It may be halfway through July, but it’s not too late to take on Plastic-Free July—or try to keep your plastic-free ways going straight into fall.
This annual summer challenge of reducing plastic usage started as a grassroots movement back in 2011 in Australia, but now it’s a global movement. Want to take on the challenge? Here are 7 tips for taking on a low or no-plastics lifestyle this July, or anytime.
1. Understand why plastic is problematic
Before you begin, it’s probably a good idea to understand (or remind yourself) what the problem is with plastic in the first place. I’m sure we’ve all seen that video of the straw in the sea turtle’s nose, but let’s take it a step further.
Plastic is made from petrochemicals, which means fossil fuels. Since burning fossil fuels is a driving cause of climate change, it’s best to choose other, more renewable materials. Something that isn’t talked about enough, is how harmful the manufacturing of plastic is on surrounding communities. Case in point: St. James Parish in southern Louisiana (nicknamed “cancer alley”), where plastic plants have not only polluted the water and air, but also subjected the mostly Black residents to cancer, respiratory diseases, and other health problems.
And a recent study has revealed that only 5% of the plastic in the U.S. is recycled—compare that to paper (66% recycled, according to the American Forest Products Association) and aluminum cans (50.4%, according to the EPA).
2. Learn what types of plastic there are
There are seven types of plastic out there, and more often than not, this number is located at the center of the recycling symbol on a package and/or label. Of that 5% of plastic that’s getting recycled, it’s really only #1 and #5. The others are heading straight to the landfill.
Polystyrene (#6), also known as styrofoam, is kinda the worst. This material will never break down, not even after 450 years like its PET cousins. Keep your eyes peeled for those numbers so you can steer clear of #2-#4, be wary of #7, and avoid #6 like the plague.
3. Do a plastic “waste audit”
Now I challenge you to roll up your sleeves, dig into your trash and recycling bins, and lay it all out! When you check out what’s in your trash and recycling, you can identify the biggest opportunities to reduce. Some questions to consider:
What’s most common in your trash can? Is there a certain packaging that keeps showing up? For example, we love tortilla chips in our house, so we have lots of chip bags.
- What types of plastics can you spot?
- Could anything in your trash or recycling be reused? Don’t be afraid to rinse off an old Ziploc bag or food container to reuse it for future food storage.
- Do you see any room to reduce the amount of plastics in your waste bin? Are there items you could be choosing in more sustainable packaging or perhaps buying in bulk?
It’s completely fine to have items that you’re not going to compromise for their plastic-free alternative. Like I mentioned before, we love tortilla chips, and as many times as we’ve tried to make our own, it’s not the same, so we’ll continue to buy them at the store.
4. Check your cabinets
Now that we’ve looked in the trash, let’s check our cabinets. What are the most common items packaged in plastic? Snacks? Pasta? Nuts? Seeds? While some plastic is single-use (meaning after you open the package, it’s served its purpose), some are more durable and can be reused (like a large plastic bin or container).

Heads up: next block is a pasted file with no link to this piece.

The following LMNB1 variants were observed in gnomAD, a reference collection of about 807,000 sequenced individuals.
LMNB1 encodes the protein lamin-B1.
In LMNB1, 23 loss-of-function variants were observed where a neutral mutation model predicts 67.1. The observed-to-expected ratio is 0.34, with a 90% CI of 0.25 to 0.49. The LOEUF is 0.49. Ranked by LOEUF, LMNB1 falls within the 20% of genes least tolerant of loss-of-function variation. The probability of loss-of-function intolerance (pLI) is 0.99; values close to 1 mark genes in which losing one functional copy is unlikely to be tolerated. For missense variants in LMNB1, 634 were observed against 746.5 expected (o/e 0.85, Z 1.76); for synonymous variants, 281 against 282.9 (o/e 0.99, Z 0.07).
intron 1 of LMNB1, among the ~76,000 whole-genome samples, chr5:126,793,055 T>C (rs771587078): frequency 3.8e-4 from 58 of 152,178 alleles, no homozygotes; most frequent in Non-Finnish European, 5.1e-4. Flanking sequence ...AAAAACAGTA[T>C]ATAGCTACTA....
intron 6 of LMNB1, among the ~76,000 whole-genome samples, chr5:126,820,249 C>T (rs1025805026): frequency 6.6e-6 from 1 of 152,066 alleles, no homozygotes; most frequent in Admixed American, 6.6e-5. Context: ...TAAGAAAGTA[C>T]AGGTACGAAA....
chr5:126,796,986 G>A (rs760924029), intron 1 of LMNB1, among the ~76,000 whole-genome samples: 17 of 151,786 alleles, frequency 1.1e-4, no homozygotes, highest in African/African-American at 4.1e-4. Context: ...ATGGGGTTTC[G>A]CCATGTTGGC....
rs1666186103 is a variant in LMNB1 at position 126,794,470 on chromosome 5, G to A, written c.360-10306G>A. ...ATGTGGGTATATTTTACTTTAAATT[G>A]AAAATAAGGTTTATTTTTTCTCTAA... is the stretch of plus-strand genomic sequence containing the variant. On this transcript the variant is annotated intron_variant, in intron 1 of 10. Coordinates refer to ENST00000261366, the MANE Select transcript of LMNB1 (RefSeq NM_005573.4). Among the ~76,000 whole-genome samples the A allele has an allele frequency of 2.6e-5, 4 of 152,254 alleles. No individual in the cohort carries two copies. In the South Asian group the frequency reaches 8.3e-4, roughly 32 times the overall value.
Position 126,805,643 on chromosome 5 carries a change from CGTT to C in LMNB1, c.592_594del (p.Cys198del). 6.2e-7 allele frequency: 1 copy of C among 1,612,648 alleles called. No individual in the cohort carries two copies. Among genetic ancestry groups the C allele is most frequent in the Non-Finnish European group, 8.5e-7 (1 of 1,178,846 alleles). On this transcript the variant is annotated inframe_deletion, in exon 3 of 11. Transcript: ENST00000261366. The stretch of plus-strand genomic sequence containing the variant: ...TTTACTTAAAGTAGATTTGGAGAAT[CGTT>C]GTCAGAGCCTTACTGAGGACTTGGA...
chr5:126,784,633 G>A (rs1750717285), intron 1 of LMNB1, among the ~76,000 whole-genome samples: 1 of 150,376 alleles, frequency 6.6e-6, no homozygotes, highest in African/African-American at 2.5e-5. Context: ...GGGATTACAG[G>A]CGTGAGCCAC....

Take a good hard look at what’s in your pantry, and start to brainstorm on ways you can choose plastic-free alternatives or reuse packaging.
5. Choose bulk and package-free when possible
I want to begin by saying that due to environmental racism and food apartheid, not everyone has access to healthy food, including plastic-free and bulk foods. For some, it’s nearly impossible to live life without plastic, which is why it requires systematic shifts away from it.
But if you’re in a position to access grocery stores with whole, bulk, and packaging-free foods and you can afford those items, then you can make that plastic-free choice. Some grocery stores offer grains, rice, seeds, nuts, snacks, chocolate, and even seasoning in bulk. The folks over at Zero Waste Home have even made this “bulk finder” for you to find your closest bulk foods shop.
You can bring your own jars or bags (make sure to find out their weight beforehand, this is called their “tare”) and fill up at the store. You can also bring your own reusable bags for produce (or forego bags altogether). Some stores are even popping up that offer household items like soap, shampoo, or detergent in bulk so you can bring your own containers to fill up (search for refill/zero waste stores in your area).
6. Make your own!
Another great way to avoid plastic (and save money) is to make your own food that would typically come in plastic bottles and containers. Veggie or chicken broth, nut milks, hummus, even yogurt—there are loads of from-scratch recipes out there.
7. Be kind to yourself
Lastly, but most importantly, be kind to yourself. Like I mentioned before, there are lots of systems in place that make it very hard to avoid plastic entirely. Corporations and businesses continue to use this material, knowing full well that it’s causing harm to communities and the environment.
There are several petitions you can sign to demand change from big corporations, like Target and Walmart, to eliminate plastic bags, and speaking up to Pepsi and Coca-Cola, who continue to be the biggest polluters of plastic.
Lauren Ferree is a Cotopaxi Do Good ambassador and plant-based environmentalist from Los Angeles. Follow along @ReLauren